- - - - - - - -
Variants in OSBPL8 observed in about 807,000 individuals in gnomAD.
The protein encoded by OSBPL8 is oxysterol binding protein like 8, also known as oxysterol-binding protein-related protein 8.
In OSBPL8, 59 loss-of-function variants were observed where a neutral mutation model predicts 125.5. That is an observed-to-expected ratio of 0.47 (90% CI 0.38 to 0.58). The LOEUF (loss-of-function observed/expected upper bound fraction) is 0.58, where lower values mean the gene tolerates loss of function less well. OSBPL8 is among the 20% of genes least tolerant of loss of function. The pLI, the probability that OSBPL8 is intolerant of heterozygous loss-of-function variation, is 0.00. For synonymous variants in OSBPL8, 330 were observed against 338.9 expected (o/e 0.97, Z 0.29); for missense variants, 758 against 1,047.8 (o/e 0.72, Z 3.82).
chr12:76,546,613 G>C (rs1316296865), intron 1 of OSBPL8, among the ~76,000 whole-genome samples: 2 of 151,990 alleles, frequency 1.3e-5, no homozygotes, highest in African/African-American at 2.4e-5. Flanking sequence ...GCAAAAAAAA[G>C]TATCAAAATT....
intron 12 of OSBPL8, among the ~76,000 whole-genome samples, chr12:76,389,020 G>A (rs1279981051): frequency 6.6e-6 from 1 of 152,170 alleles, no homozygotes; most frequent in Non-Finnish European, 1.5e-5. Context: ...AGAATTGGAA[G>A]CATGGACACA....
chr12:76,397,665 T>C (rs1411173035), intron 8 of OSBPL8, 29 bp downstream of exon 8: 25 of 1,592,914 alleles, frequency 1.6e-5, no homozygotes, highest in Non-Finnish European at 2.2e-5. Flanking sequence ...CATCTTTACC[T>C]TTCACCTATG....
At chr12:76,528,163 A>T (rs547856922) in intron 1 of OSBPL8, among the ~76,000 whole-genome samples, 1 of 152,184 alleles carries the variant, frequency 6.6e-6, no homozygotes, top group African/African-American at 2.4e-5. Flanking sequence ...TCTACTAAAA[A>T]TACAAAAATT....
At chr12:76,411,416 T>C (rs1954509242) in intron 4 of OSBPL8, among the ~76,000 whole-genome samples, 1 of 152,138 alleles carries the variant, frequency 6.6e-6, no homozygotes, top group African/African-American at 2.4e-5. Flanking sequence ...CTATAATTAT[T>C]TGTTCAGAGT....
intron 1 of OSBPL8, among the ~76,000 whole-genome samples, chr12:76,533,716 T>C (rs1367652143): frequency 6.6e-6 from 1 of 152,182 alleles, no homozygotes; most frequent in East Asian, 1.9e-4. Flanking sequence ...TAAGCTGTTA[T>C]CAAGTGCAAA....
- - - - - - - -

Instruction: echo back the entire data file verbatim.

Variants in OSBPL8 observed in about 807,000 individuals in gnomAD.
The protein encoded by OSBPL8 is oxysterol binding protein like 8, also known as oxysterol-binding protein-related protein 8.
In OSBPL8, 59 loss-of-function variants were observed where a neutral mutation model predicts 125.5. That is an observed-to-expected ratio of 0.47 (90% CI 0.38 to 0.58). The LOEUF (loss-of-function observed/expected upper bound fraction) is 0.58, where lower values mean the gene tolerates loss of function less well. OSBPL8 is among the 20% of genes least tolerant of loss of function. The pLI, the probability that OSBPL8 is intolerant of heterozygous loss-of-function variation, is 0.00. For synonymous variants in OSBPL8, 330 were observed against 338.9 expected (o/e 0.97, Z 0.29); for missense variants, 758 against 1,047.8 (o/e 0.72, Z 3.82).
chr12:76,546,613 G>C (rs1316296865), intron 1 of OSBPL8, among the ~76,000 whole-genome samples: 2 of 151,990 alleles, frequency 1.3e-5, no homozygotes, highest in African/African-American at 2.4e-5. Flanking sequence ...GCAAAAAAAA[G>C]TATCAAAATT....
intron 12 of OSBPL8, among the ~76,000 whole-genome samples, chr12:76,389,020 G>A (rs1279981051): frequency 6.6e-6 from 1 of 152,170 alleles, no homozygotes; most frequent in Non-Finnish European, 1.5e-5. Context: ...AGAATTGGAA[G>A]CATGGACACA....
chr12:76,397,665 T>C (rs1411173035), intron 8 of OSBPL8, 29 bp downstream of exon 8: 25 of 1,592,914 alleles, frequency 1.6e-5, no homozygotes, highest in Non-Finnish European at 2.2e-5. Flanking sequence ...CATCTTTACC[T>C]TTCACCTATG....
At chr12:76,528,163 A>T (rs547856922) in intron 1 of OSBPL8, among the ~76,000 whole-genome samples, 1 of 152,184 alleles carries the variant, frequency 6.6e-6, no homozygotes, top group African/African-American at 2.4e-5. Flanking sequence ...TCTACTAAAA[A>T]TACAAAAATT....
At chr12:76,411,416 T>C (rs1954509242) in intron 4 of OSBPL8, among the ~76,000 whole-genome samples, 1 of 152,138 alleles carries the variant, frequency 6.6e-6, no homozygotes, top group African/African-American at 2.4e-5. Flanking sequence ...CTATAATTAT[T>C]TGTTCAGAGT....
intron 1 of OSBPL8, among the ~76,000 whole-genome samples, chr12:76,533,716 T>C (rs1367652143): frequency 6.6e-6 from 1 of 152,182 alleles, no homozygotes; most frequent in East Asian, 1.9e-4. Flanking sequence ...TAAGCTGTTA[T>C]CAAGTGCAAA....